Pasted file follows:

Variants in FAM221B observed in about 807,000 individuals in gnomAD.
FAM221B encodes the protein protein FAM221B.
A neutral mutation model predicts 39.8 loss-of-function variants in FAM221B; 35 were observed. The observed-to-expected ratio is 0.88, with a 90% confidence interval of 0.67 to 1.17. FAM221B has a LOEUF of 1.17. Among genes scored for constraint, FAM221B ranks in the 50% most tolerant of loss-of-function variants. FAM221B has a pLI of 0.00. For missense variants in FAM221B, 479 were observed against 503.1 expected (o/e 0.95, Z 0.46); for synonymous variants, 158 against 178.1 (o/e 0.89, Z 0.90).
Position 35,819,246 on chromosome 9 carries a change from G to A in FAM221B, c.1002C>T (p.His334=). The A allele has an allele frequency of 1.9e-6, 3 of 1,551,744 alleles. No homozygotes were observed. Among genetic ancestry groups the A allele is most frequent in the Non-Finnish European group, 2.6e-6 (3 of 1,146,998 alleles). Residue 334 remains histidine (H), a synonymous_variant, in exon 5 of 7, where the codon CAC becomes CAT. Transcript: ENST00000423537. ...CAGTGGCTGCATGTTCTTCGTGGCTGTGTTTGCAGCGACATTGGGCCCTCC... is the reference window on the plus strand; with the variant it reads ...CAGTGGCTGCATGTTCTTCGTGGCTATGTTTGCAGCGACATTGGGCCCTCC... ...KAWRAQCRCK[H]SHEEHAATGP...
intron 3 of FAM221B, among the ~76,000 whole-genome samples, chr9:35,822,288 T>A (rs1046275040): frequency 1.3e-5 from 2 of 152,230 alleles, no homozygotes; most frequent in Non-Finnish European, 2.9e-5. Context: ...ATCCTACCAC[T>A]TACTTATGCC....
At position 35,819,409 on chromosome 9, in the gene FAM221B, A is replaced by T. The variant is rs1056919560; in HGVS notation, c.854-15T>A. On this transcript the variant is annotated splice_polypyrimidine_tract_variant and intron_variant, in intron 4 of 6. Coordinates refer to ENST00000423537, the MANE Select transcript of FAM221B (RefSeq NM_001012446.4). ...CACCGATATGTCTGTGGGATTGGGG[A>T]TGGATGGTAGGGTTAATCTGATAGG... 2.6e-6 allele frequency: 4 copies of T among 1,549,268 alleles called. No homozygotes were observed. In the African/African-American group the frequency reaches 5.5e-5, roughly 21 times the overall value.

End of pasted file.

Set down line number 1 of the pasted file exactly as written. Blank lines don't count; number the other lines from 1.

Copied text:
Variants in FAM221B observed in about 807,000 individuals in gnomAD.